Notre Dame Basketball: Can John Mooney fill void left by Bonzie Colson?

SOUTH BEND, IN - JANUARY 16: John Mooney
SOUTH BEND, IN - JANUARY 16: John Mooney /

Can John Mooney be who Notre Dame basketball needs to step up in place of Bonzie Colson?

Since Colson went down with a broken foot, Notre Dame basketball has struggled. It’s been no easy road for the Irish in conference play, losing four straight and dropping to 3-4 in the ACC. Of course, this hasn’t been all due to the absence of Colson. Matt Farrell has also missed a few games as well as D.J. Harvey.

The injury-plagued Irish have lost a lot of depth but none as detrimental as the loss of Colson. The question has been; who will step up in light of the loss of his 21.4 points and 10.4 rebounds per game?

Many players have improved their level of play but it still hasn’t been enough. Farrell has been asked to be the main scorer. A tweaked ankle has prevented him from that. Temple Gibbs has increased his role slowly but surely. Elevating his game, it’s clear that he will be the future in South Bend. And of course Martinis Geben has made the biggest jump averaging a double-double in league play. Yet the Irish still need more.

What John Mooney Brings

The answer could be John Mooney. We wouldn’t have seen the recent increase of minutes if it were not for Colson going down. With more minutes, it seems like Mooney is quietly becoming what Notre Dame recruited him for. The 6’9” forward is a solid defender.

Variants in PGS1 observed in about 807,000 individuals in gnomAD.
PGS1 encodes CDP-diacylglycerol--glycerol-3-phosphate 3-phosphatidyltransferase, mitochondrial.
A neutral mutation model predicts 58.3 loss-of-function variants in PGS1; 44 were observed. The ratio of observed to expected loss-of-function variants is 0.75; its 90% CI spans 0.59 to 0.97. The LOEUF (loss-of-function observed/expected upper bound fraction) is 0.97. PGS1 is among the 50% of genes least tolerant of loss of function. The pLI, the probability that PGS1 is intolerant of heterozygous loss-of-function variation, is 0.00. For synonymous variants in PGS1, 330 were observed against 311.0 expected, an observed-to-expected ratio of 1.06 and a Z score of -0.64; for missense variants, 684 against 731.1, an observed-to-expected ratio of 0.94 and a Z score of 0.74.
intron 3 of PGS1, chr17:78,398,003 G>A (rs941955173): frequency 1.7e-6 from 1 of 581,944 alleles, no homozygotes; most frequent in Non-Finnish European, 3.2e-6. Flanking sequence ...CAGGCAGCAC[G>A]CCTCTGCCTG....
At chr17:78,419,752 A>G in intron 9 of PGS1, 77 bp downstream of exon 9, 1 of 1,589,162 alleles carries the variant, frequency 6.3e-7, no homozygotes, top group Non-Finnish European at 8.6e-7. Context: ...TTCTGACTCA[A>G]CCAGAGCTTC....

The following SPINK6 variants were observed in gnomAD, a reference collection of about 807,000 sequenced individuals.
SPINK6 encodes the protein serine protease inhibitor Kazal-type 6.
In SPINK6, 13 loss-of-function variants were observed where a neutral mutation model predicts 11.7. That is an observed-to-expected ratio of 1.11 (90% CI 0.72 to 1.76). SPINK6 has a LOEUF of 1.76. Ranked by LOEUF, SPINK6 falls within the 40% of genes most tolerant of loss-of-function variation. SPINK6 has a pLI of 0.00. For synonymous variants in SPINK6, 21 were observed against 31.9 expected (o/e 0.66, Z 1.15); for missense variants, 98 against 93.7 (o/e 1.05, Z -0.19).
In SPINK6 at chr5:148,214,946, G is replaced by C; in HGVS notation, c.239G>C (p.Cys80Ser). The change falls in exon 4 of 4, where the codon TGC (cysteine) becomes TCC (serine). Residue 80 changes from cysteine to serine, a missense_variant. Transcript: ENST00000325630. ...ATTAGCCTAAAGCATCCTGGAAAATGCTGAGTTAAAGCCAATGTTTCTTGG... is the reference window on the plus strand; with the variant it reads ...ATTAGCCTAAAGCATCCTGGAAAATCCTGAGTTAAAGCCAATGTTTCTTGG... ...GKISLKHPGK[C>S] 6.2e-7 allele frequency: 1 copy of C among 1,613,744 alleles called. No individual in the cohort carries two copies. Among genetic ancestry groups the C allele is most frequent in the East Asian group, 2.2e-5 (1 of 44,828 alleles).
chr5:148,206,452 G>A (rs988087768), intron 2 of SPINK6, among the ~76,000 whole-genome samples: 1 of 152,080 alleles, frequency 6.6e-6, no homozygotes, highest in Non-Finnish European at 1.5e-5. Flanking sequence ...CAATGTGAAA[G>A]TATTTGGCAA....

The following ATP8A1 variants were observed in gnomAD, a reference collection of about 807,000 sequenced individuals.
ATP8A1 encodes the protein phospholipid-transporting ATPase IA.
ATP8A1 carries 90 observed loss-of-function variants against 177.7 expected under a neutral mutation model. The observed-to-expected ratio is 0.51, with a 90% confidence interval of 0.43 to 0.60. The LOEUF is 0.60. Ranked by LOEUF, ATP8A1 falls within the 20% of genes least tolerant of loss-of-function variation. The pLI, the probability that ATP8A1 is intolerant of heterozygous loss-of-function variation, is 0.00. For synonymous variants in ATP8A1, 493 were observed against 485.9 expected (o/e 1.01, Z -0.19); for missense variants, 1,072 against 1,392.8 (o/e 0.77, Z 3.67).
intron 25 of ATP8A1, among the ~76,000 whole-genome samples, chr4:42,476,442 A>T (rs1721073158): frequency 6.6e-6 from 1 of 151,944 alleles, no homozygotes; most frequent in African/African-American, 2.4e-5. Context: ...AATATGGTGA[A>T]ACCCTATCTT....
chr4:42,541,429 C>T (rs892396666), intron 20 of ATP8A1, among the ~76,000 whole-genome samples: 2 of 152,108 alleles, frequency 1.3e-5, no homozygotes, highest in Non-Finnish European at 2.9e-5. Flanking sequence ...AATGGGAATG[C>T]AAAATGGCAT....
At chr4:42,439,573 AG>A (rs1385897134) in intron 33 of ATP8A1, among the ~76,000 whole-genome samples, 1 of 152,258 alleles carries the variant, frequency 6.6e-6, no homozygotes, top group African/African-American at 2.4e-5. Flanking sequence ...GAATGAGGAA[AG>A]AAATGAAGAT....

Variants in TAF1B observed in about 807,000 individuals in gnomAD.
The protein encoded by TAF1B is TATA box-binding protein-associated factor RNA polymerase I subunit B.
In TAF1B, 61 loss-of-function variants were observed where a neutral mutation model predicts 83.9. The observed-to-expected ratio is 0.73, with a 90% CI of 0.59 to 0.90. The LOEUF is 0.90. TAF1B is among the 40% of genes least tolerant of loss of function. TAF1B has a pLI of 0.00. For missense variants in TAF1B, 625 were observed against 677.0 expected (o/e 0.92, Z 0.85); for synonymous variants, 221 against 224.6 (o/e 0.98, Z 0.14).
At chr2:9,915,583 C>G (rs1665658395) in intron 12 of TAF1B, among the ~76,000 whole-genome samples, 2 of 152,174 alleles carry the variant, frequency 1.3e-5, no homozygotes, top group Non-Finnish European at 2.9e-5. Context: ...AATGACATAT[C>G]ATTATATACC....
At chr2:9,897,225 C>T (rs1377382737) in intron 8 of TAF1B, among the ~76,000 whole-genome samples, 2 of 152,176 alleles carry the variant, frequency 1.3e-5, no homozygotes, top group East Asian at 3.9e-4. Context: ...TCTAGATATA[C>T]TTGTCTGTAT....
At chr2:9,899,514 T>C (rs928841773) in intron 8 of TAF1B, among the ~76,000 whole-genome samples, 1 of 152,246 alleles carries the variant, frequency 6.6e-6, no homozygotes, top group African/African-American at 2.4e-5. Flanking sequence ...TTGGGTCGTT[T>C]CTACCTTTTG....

A block in each of the last three games is the presence the Irish need alongside Geben. With his athletic stature and quickness, he can be a solid defender especially when matched up against a slower forward.

One of the reasons Mooney was recruited was his ability to shoot. Many didn’t expect him to be a shooter but with the smooth form he has, he can be extremely comfortable outside of the arc. When the Irish’s offense starts to look stagnant, Mooney can keep the movement with how good of a cutter he is.

The biggest factor Mooney brings right now is his ability to stretch out the court. If he can’t be a threat outside of the arc, he can while crashing to the glass. Some pick-and-roll action with Farrell or Gibbs could be deadly.

With extra playing time were starting to see Mooney’s value in rebounding. Combining for 25 boards in the last four games he has taken some of the pressure off of Geben. As much as it would benefit the Irish to have more 22 point/17 rebound games from Geben, it’s simply unrealistic.

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Mooney is no Bonzie Colson. That doesn’t mean that he can’t be the push the Irish need in his absence.